As I remembered, this is an exceptionally good conference for networking. I think people working in film and television are a bit more outgoing than publishing people, and they’re definitely looking for fresh ideas and approaches. The tone, though, isn’t completely at odds with academic conferences: people who do history film making are clearly committed to the subject and full of passion for their particular projects. Someone said at lunch, “You don’t make documentaries to make a lot of money,” which sounds a lot like publishing–at least the kind we’re doing.
But, like us, they seem to have a lot of fun and feel they’re doing something worthwhile. (And there’s no question that some networks and producers are doing very well indeed!) What’s surprised me most is the emphasis this year on new media, on “short forms” for mobile devices and the Internet. This came up last year, but it’s far more prominent now. Michael Katz from the History Channel mentioned a dichotomy I remember hearing about, too: big screen, small screen. Film makes are simultaneously developing in HD (High Definition–and don’t I feel cool, knowing about this?) and in tiny, short formats. I’m learning some of the jargon but need to find out the difference between off-takes and cut scenes. Apparently these are good sources of short form content.
The session this afternoon was called “Out of the Box: Producing History for New Platforms”:
New digital distribution platforms â€“ whether broadband or mobile â€“ are developing fast with a bewildering array of new jargon from EST to DVBH.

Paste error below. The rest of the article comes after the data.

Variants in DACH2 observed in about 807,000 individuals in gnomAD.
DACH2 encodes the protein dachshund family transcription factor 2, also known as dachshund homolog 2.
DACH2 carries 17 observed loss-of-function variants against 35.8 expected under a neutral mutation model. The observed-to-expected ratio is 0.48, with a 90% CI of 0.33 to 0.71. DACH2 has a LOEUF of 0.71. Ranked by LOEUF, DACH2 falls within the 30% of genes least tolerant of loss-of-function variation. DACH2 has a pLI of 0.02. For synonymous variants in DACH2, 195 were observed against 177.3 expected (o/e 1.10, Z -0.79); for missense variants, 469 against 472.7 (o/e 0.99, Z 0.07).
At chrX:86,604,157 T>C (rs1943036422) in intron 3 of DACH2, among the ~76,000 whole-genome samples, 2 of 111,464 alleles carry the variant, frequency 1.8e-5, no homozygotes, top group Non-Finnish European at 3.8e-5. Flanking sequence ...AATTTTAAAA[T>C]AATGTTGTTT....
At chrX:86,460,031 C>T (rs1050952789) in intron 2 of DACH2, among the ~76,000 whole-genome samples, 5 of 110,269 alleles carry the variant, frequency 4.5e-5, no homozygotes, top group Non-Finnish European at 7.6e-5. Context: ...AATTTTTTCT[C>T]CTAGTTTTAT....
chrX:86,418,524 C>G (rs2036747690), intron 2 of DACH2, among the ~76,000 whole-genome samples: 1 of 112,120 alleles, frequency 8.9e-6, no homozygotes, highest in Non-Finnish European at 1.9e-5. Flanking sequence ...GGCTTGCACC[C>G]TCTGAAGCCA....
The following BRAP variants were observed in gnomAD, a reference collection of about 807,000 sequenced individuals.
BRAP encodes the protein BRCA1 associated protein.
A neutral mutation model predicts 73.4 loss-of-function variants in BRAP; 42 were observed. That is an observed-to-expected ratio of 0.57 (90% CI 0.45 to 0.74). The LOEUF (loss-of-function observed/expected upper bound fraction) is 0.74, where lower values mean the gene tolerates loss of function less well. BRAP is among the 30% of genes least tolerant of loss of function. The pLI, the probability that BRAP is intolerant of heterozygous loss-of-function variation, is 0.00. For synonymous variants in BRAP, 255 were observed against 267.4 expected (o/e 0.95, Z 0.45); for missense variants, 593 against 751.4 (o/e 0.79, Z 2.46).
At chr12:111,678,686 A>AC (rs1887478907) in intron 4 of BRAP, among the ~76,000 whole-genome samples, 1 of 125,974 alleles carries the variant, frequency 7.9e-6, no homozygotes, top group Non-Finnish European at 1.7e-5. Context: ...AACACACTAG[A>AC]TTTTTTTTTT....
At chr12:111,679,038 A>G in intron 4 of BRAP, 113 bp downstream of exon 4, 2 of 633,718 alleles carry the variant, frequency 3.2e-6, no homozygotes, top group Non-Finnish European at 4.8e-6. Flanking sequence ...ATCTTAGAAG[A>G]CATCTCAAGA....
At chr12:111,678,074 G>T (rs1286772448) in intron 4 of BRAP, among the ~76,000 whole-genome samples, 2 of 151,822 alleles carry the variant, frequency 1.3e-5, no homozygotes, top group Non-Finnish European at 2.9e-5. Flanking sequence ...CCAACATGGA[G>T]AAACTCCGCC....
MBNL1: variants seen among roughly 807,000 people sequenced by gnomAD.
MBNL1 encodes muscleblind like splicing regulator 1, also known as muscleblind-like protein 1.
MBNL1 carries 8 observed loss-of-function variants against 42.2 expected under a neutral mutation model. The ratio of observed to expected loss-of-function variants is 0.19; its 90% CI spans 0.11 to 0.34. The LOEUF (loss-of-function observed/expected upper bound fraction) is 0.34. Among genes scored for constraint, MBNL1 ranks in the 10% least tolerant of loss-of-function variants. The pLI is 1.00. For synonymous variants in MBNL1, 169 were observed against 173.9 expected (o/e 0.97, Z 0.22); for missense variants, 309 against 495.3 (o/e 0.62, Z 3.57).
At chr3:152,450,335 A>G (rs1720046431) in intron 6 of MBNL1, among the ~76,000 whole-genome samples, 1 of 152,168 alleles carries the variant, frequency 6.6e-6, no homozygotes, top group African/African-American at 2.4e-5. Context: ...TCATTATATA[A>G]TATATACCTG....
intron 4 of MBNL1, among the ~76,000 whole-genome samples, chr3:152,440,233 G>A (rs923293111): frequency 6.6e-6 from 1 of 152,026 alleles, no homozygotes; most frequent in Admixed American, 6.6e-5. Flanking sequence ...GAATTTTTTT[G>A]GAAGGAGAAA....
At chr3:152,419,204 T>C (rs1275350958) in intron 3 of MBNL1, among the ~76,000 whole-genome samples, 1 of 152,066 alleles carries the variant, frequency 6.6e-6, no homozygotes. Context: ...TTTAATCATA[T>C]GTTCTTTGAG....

Who is taking advantage of this new technology?
What new opportunities does it create for history producers?
Will it open up history programming to a wider audience – and is there any money in it?
Are there opportunities for original productions or is it limited to opening up back catalogues?
We aim to get behind the jargon and find out what the real opportunities are – and what the timescale behind them is.
Again, one of the key points made was that what gets people to new media is the social aspects of it–the community that’s possible online. I couldn’t be more pleased, community being my own special subject, and an area of expertise for Berkshire. But the issue of creative control and quality is an issue here, too. One questioner made it clear that he didn’t like the idea of his film being “mashed up” (reedited by someone who’s downloaded it), no more than an author would enjoy having her/his novel taken apart, rewritten, and then distributed to the purchaser’s friends. Oddly enough, I haven’t heard the word “copyright” at all–maybe we need Ed Colleran here.